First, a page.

First woman to head major U.S. intelligence agency
FORT BELVOIR, Va. (AP) — Letitia A. Long became the first woman director of a major U.S. intelligence agency Monday, taking her post as chief of the National Geospatial-Intelligence Agency at a ceremony at the agency’s half-built, high-tech campus in Springfield, Va.
Long saluted what the relatively new agency has accomplished, from aiding troops on the battlefield, to helping draw together intelligence from across the national security spectrum.
‘‘I have never seen an agency as young as the NGA do so much in so little time,’’ she said of the organization, which was established in 1996.
She spoke before several hundred VIPs from the intelligence and special ops community on the roof of a parking garage next to her future offices. The ‘‘Jetsons’’-style rounded wedge of buildings is rising from a vast construction site at Fort Belvoir. The NGA’s staff, now spread among several sites across the Washington metropolitan area, is slated to relocate there by fall 2011.
Long’s 32-year career has led to a series of senior management positions: deputy director of Naval Intelligence, deputy undersecretary of defense for intelligence and, most recently, second in command at the Defense Intelligence Agency.
Long’s old boss and mentor, James R. Clapper, newly confirmed as director of national intelligence, noted her 32 years of service, with 16 of them often working in agencies under his purview. Clapper warned her that as soon as he is sworn in as DNI, his ‘‘meddling’’ would continue in her next mission.
Long thanked him for ‘‘taking a chance on a young executive, way back when,’’ and said she welcomed the meddling to come.
Long represents the vanguard of women in the intelligence community.
Women represent 38 percent of total intelligence work force, according to Wendy Morigi, DNI spokeswoman. In six of the most prominent agencies, 27 percent of senior intelligence positions are held by women.
A spokesperson for the NGA, Susan H. Meisner, had identified Long as the first woman to lead one of the nation’s 16 intelligence agencies, but later conceded that women have led smaller intelligence agencies such as the State Department’s intelligence arm.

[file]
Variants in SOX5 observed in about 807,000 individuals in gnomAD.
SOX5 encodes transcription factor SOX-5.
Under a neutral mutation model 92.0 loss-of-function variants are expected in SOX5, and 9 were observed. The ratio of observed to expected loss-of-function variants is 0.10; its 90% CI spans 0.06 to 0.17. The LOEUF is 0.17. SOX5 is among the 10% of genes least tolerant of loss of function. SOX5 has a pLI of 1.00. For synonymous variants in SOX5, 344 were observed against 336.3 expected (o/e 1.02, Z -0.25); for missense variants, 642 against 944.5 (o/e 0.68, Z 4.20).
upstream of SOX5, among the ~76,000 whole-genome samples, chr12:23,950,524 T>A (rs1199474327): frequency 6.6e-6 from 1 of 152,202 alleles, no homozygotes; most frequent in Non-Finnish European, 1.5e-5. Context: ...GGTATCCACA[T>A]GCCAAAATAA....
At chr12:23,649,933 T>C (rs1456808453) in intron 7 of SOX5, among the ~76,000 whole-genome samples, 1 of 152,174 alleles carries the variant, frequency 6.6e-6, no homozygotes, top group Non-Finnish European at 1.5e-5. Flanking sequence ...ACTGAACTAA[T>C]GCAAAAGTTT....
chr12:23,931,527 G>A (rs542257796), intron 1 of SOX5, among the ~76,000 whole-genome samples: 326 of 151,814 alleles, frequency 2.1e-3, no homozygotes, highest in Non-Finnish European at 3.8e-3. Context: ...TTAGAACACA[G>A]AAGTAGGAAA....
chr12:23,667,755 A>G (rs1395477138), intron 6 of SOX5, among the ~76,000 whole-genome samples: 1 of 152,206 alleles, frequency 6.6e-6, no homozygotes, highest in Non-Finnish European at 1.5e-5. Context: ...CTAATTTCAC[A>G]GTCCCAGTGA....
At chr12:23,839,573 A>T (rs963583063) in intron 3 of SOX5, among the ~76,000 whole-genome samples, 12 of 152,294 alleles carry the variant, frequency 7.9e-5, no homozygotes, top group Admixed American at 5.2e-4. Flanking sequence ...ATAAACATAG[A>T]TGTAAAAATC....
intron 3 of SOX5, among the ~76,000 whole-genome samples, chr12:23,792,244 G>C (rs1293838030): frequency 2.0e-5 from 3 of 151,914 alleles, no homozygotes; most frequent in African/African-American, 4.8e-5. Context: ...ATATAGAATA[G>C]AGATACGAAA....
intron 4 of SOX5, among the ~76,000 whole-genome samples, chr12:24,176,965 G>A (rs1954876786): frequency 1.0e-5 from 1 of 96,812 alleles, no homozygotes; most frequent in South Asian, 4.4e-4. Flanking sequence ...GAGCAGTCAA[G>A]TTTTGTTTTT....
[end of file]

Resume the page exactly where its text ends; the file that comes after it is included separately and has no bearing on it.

Long has taken over one of the ‘‘top computer geek shops’’ in the national security world. The NGA synthesizes satellite imagery, using everything from the number of electric lines a city has to the density of the soil, to create three-dimensional, interactive maps of every spot on the planet. They’re used by everyone from invading troops gauging whether a country’s roads or deserts can handle tank tracks, to oil spill cleanup crews trying to decide where to deploy resources.
Long has the science-and-technology credentials to do it, with a degree in electrical engineering from Virginia Tech, and a masters in mechanical engineering from the Catholic University of America. Together with those high powered jobs, Annapolis-born Long and her husband have raised three daughters.
Rep. Anna Eshoo, D-Calif., said Long’s ‘‘experience and position make her an important role model for all the women in the intelligence community.’’ Eshoo is a member of the House intelligence committee and a longtime proponent of women in top intelligence roles.
Some of Long’s new women staffers at the NGA say her example will surely change how the largely male-dominated work force sees them. However, women in their thirties and forties at these agencies say the climb they face is small compared to Long’s fight, against an older generation that hadn’t yet witnessed women in combat or a woman come so close to capturing the nomination for U.S. president.
Yet some of those women out in the national security trenches say the fight’s far from over.
Intelligence executive Carrie Bachner, a former Air Force officer, worked as the legislative adviser to Charles Allen when he was the Department of Homeland Security’s top intelligence official.
That meant she advised him daily on how to deal with the 86 congressional committees responsible for DHS oversight.
Still Bachner says, when she’d walk into a room of officials with Allen, ‘‘they’d automatically ignore me, assuming I was the executive assistant….until they’d realize, ’Oh, wow, she’s the person we’re supposed to talk to.’’’
Bachner says she still experiences that, as president of her own intelligence consulting firm, Mission Concepts Inc. ‘‘They are taken aback when I introduce myself,’’ she said. ‘‘They’re looking for the real president, and well, that’s me.’’